The same holds true in the 200m, where Britain's European Cup winner, Doug Walker, has been additionally assisted by injuries which have ruled out Russia's European indoor champion, Sergei Osovich, and the top Belgian sprinter, Patrick Stevens.
The 400 title surely has to be Britain's, although which Briton will prevail is hard to predict. Richardson leads Thomas 5-1 on victories this season, but the latter, who won the trials in fine fashion, is very strong and has learnt his lesson from going out far too strongly in last year's World Championship final, where he faded to sixth.
Colin Jackson, who is having his best season since he set the world record of 12.91sec in winning the 1993 world title, has an outstanding chance of earning his third title. Falk Balzer of Germany, and another Briton, Tony Jarrett, appear likely to be his main rivals, but Jackson, who has run 13.07sec this year, should be a stride clear of them.
Like Jackson, Steve Backley has also been having an outstanding season - his javelin throw of 89.89m last month was the furthest by the Olympic silver medallist in six years. He may have too much championship experience for the 23-year-old leading the rankings this year, Ari Parviainen of Finland. Others, such as the Greek thrower Konstantinos Gatsioudis, may prove more of a threat to the Briton, who -again like Jackson - is seeking a third consecutive title.
The middle distances have become stony ground for Britain's men since the hey-day of Coe and co, but Jon Brown, who runs in the 10,000m, and the European indoor 3,000m champion, John Mayock, are capable of reaching the podium, if not the very top of it, as is Richard Nerurkar, who had to miss last year's world championship marathon because of a virus.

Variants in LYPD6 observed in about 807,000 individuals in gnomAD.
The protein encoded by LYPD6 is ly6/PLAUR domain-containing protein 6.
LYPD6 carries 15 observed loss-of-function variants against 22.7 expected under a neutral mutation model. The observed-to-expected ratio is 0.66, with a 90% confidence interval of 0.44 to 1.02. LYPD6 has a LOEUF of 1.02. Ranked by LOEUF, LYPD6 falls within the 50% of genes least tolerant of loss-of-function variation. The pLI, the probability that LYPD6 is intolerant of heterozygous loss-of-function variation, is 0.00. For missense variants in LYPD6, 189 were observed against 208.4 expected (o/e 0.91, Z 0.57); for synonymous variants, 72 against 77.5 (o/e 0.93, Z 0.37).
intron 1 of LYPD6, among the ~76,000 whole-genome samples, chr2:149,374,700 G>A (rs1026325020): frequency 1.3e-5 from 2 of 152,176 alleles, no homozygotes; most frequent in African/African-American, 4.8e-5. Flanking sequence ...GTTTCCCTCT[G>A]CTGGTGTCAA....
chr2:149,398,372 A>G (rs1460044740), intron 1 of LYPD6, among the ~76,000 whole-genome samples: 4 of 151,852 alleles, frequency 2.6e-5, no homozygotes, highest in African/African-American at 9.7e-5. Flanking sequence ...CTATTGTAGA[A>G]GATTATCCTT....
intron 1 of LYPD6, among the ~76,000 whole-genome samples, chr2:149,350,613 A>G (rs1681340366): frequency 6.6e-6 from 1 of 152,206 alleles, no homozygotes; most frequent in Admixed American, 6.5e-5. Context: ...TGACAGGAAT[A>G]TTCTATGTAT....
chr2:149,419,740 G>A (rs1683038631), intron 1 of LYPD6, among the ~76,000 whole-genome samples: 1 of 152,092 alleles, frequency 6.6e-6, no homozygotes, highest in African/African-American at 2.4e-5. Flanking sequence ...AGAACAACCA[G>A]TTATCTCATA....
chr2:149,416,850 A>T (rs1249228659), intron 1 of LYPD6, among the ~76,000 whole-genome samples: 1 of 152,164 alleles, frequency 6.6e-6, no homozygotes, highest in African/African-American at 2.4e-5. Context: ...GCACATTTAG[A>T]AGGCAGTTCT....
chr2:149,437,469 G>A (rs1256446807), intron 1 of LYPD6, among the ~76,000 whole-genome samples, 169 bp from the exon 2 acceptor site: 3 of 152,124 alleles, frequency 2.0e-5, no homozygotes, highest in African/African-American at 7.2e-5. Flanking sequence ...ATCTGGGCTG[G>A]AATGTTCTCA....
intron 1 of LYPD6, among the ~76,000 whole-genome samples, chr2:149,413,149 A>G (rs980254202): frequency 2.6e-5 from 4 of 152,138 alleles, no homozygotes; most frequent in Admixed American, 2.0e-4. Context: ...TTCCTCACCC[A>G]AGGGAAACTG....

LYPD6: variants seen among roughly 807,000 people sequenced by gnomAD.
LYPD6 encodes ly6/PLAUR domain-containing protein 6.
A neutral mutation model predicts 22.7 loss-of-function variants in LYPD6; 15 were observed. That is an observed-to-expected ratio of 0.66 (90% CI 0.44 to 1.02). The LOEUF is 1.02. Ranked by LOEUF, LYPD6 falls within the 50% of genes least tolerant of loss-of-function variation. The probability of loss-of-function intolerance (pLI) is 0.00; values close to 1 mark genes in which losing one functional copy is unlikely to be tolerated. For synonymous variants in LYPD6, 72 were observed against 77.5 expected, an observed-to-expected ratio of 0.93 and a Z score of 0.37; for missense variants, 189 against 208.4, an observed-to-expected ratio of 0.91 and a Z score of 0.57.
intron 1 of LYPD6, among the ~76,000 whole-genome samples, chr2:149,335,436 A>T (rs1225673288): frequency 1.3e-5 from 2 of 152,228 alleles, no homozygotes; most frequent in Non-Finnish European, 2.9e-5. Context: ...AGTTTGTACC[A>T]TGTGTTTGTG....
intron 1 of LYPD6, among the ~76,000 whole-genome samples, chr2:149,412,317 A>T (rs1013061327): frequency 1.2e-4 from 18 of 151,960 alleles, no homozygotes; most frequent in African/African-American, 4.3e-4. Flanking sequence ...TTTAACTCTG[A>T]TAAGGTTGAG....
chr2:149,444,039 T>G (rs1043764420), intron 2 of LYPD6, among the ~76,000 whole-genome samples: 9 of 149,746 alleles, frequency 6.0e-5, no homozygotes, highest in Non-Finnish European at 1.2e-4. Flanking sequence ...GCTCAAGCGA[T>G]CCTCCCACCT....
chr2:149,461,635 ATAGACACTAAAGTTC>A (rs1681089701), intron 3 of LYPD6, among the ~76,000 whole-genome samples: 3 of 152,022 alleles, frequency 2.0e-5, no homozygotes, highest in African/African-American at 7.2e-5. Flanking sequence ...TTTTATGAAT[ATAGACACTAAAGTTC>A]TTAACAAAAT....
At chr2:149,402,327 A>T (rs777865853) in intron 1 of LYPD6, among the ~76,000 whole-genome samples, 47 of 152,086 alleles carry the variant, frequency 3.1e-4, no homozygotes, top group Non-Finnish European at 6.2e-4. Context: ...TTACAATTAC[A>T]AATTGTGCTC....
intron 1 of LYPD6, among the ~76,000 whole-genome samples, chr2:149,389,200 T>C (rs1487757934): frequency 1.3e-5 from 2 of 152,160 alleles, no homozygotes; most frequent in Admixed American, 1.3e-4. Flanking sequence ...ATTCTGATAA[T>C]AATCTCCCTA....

But it is Friday's 400m final which promises to create another enduring image for Britain. And Sunday night's concluding event, the 4 x 400m relay, despite the presence of a strong Polish team, should provide a jubilant finale for the Union Jack wavers.
And, surely, a pang of regret in Roger Black as he looks on from the BBC commentary position.
1000 Shot Putt Group A-B Men 1030 Javelin Group A Women
1045 100m Rd 1 Men
1130 400m Hurdles Rd1 Men
1150 Javelin Group B Women
1215 400m Hurdles Rd1 Men
1600 OPENING CEREMONY
1710 20Km Walk Final Men
1720 100m Rd 1 Women
1725 Shot Putt Group A-B Women
1730 Hammer Group A Men
1740 1500m Rd 1 Men
1800 Long Jump Group A-B Men
1845 Shot Putt Final Men
1900 Hammer Group B Men
1930 800m Rd 1 Women
2005 10,000m Final Men
0915 Decathlon 100m Men
0930 Pole Vault Group A-B Men
1000 400m Rd 1 Women
1000 High Jump Group A-B Men
1010 Decathlon Long Jump Group A-B Men
1020 Discus Group A Women
1100 400m Rd 1 Men
1140 Discus Group B Women
1200 Triple Jump Group A-B Women
1215 Decathlon Shot Putt A-B Men
1600 Decathlon High Jump Group A-B Men
1605 800m Wheelchair Women
1620 1500m Wheelchair Men
1630 Javelin Final Women
1715 400m Hurdles Semi-final Men
1735 100m Semi-final Men
1755 800m Semi-final Men
1800 Long Jump Final Men
1820 100m Semi-final Men
1840 400m Hurdles Semi-final Women
1845 Hammer Final Men
1900 100m Final Women
1915 10,000m Final Women
2000 Decathlon 400m Men
2035 100m Final Men